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polysaccharides (thousands of chemical structures)

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1 polysaccharides (thousands of chemical structures)
Starches Complex Carbs polysaccharides (thousands of chemical structures) THE NEED FOR CARBS A diet without carbs, the body uses fat and protein for energy, this takes away from the building and repair of tissues. May result in bone mineral loss, high cholesterol and kidney stones Fiber – refer to worksheet

2 Helps body repair itself, found in animal sources such as meats, poultry, fish, eggs, dairy and plant sources such as dry beans and peas, nuts, vegetables, and grain products Amino Acids – chemical building blocks take on different shapes that determines their function, body makes many but can’t make all of them – the amino acids that the body needs but can’t provide are called essential amino acids Proteins Some protein foods contain all essential amino acids called complete proteins (animal sources) Incomplete protein - food from plant sources lack at least one essential amino acids (soybeans are the exception)

3 The Need for Protein Growth and maintenance –hair, eyes, skin, etc..
Enzymes – without these chemical reactions would not take place Hormones – chemical messengers that helps regulate conditions in the body (insulin) Antibodies – protein that fight disease Fluid balance – a cell’s life depends on having enough fluid in the right amount

4 FATS needed by the body to :
Lipids Lipids are a family of chemical compounds in every living cell, both in foods and in the human body 2 types of lipids – Triglycerides (fats) and sterols (cholesterol) FATS needed by the body to : Absorb vitamins A, D, E, K Body fat serves as a reserve supply of energy Body fat cushions and protects vital organs Insulation

5 Cholesterol – fat like substance present in all body cells, needed for all essential body process; too much is linked to heart disease, is manufactured by the body as well as obtained from foods LDL (low density lipoprotein) takes cholesterol from liver to wherever it is needed *** “bad cholesterol” HDL (high density lipoprotein) picks up excess cholesterol and takes it back to the liver for excretion, keeping it from harming the body ****good cholesterol Types of fat affect cholesterol: saturated fat – raises the LDL ( meats, skin of poultry, whole milk, Tropical oils) Polyunsaturated fat – may help lower cholesterol ( vegetable oils, seafood fats) Monounsaturated fat – appear to lower LDL and may help raise HDL ( olives, olive oils, nuts, peanut oil, canola oil)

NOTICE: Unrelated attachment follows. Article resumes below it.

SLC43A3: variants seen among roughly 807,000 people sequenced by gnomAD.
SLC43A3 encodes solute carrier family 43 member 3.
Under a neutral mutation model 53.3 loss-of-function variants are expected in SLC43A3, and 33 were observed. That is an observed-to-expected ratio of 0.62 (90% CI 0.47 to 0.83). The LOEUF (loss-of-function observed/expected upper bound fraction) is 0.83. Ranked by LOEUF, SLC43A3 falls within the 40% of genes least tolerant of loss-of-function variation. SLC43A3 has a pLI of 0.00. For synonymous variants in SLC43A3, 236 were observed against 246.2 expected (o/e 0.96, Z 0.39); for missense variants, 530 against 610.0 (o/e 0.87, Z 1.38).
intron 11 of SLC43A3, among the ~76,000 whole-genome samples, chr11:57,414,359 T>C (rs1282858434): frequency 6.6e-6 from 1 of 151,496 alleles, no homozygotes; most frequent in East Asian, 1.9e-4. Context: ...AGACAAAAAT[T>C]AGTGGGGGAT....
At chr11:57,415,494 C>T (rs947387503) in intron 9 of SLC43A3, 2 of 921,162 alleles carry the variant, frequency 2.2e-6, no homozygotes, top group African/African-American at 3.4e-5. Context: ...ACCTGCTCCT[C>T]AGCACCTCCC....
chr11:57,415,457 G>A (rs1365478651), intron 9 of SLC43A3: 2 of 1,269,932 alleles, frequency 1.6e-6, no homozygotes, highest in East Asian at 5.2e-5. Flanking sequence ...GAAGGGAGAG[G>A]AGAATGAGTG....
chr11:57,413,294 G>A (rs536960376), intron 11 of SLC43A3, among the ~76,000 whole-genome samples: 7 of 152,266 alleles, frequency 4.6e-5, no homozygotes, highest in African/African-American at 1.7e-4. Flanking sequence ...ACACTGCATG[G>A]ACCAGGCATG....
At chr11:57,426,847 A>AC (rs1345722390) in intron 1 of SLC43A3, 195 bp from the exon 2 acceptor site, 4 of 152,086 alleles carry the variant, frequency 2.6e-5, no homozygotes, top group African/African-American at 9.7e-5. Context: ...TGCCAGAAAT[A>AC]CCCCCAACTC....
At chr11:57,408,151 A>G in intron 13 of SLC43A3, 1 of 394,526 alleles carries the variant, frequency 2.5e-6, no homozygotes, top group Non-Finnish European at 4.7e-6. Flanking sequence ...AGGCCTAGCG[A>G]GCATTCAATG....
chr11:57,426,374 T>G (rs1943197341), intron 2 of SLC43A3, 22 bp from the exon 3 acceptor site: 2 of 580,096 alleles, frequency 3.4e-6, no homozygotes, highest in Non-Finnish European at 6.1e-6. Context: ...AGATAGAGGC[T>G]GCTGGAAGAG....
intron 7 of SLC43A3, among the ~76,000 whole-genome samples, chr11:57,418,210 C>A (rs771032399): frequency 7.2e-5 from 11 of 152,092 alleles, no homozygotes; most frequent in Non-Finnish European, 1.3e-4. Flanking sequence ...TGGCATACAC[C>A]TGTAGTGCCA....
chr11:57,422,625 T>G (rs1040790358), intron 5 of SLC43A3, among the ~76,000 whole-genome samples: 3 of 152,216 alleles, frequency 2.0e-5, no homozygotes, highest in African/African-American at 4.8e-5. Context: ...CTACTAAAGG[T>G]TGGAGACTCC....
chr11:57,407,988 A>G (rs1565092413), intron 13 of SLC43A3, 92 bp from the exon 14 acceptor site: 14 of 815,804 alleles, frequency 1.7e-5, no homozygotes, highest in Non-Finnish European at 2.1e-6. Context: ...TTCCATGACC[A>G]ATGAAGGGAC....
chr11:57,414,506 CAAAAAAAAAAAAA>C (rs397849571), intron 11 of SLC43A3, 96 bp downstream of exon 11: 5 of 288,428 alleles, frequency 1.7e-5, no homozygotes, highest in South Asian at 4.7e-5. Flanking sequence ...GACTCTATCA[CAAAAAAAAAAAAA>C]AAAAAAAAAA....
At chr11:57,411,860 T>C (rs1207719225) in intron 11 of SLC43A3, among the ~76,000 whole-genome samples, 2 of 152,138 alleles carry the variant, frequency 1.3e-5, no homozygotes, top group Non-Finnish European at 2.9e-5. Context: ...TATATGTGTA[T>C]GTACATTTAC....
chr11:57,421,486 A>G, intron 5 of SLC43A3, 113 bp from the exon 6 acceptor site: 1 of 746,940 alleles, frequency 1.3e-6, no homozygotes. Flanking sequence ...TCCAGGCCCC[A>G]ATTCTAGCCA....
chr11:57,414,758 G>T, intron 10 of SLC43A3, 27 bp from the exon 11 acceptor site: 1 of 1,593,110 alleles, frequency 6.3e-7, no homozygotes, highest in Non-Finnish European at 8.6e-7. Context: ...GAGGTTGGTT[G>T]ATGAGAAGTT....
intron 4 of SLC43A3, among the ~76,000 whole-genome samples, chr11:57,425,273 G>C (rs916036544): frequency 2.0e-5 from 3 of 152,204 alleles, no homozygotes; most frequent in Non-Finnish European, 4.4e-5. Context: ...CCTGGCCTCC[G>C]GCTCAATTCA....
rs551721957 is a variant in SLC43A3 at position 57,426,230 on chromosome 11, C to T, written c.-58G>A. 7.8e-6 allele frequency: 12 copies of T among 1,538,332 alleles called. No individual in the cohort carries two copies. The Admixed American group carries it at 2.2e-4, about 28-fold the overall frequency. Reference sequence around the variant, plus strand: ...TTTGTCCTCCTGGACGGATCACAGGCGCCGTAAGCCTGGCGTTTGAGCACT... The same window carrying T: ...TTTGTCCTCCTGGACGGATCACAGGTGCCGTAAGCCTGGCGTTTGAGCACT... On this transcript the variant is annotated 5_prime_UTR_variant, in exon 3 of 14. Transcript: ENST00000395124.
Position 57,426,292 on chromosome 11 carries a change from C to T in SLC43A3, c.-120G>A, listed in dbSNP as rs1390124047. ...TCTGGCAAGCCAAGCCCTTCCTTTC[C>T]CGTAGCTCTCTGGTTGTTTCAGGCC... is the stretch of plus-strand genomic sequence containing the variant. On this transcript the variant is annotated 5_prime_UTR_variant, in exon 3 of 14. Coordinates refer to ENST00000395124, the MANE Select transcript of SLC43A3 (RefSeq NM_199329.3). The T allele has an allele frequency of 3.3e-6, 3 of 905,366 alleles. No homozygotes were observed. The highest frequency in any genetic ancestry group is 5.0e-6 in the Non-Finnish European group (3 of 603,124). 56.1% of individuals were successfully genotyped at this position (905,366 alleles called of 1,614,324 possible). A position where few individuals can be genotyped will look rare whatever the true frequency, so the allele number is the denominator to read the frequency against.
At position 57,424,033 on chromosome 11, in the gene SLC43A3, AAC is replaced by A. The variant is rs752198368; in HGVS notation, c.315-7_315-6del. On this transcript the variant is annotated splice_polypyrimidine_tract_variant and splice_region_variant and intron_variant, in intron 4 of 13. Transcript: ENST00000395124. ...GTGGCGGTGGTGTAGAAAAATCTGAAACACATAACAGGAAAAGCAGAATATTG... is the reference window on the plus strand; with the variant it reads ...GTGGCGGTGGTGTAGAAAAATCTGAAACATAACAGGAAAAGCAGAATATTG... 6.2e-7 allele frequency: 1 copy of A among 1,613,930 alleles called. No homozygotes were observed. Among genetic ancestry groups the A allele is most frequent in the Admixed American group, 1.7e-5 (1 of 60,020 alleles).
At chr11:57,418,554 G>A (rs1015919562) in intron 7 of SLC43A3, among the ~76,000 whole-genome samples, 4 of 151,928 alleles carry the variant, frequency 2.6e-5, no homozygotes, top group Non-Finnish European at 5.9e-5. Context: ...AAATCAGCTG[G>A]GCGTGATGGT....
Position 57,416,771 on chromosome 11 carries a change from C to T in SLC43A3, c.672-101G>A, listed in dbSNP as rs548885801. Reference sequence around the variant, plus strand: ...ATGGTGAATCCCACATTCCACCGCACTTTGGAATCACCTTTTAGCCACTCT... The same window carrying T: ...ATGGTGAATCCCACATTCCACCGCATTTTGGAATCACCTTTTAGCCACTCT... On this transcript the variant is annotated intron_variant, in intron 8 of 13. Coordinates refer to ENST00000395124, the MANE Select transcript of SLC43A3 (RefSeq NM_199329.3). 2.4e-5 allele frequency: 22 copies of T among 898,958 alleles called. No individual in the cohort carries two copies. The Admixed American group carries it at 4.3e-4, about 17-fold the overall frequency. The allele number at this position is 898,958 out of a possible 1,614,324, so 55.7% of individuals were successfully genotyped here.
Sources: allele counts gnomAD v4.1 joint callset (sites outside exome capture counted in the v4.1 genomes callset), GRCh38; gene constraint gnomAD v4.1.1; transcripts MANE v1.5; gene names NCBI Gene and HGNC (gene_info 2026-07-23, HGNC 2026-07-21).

6 Hydrogenation turns vegetable oils into solids (shortening)
Trans fats – hydrogenation forms trans fatty acids ( helps give products a longer shelf life and extra flavor) increases LDL and lowers HDL (NOT GOOD!) Suggestions for controlling fat intake Eat fruits, veggies, and whole grains Choose fat free milk or low fat Remove skin and fat from meats, chicken Watch portion sizes Limit fried foods Use less fats at table (butter, salad dressings, etc.) Eat high fat desserts only occasionally

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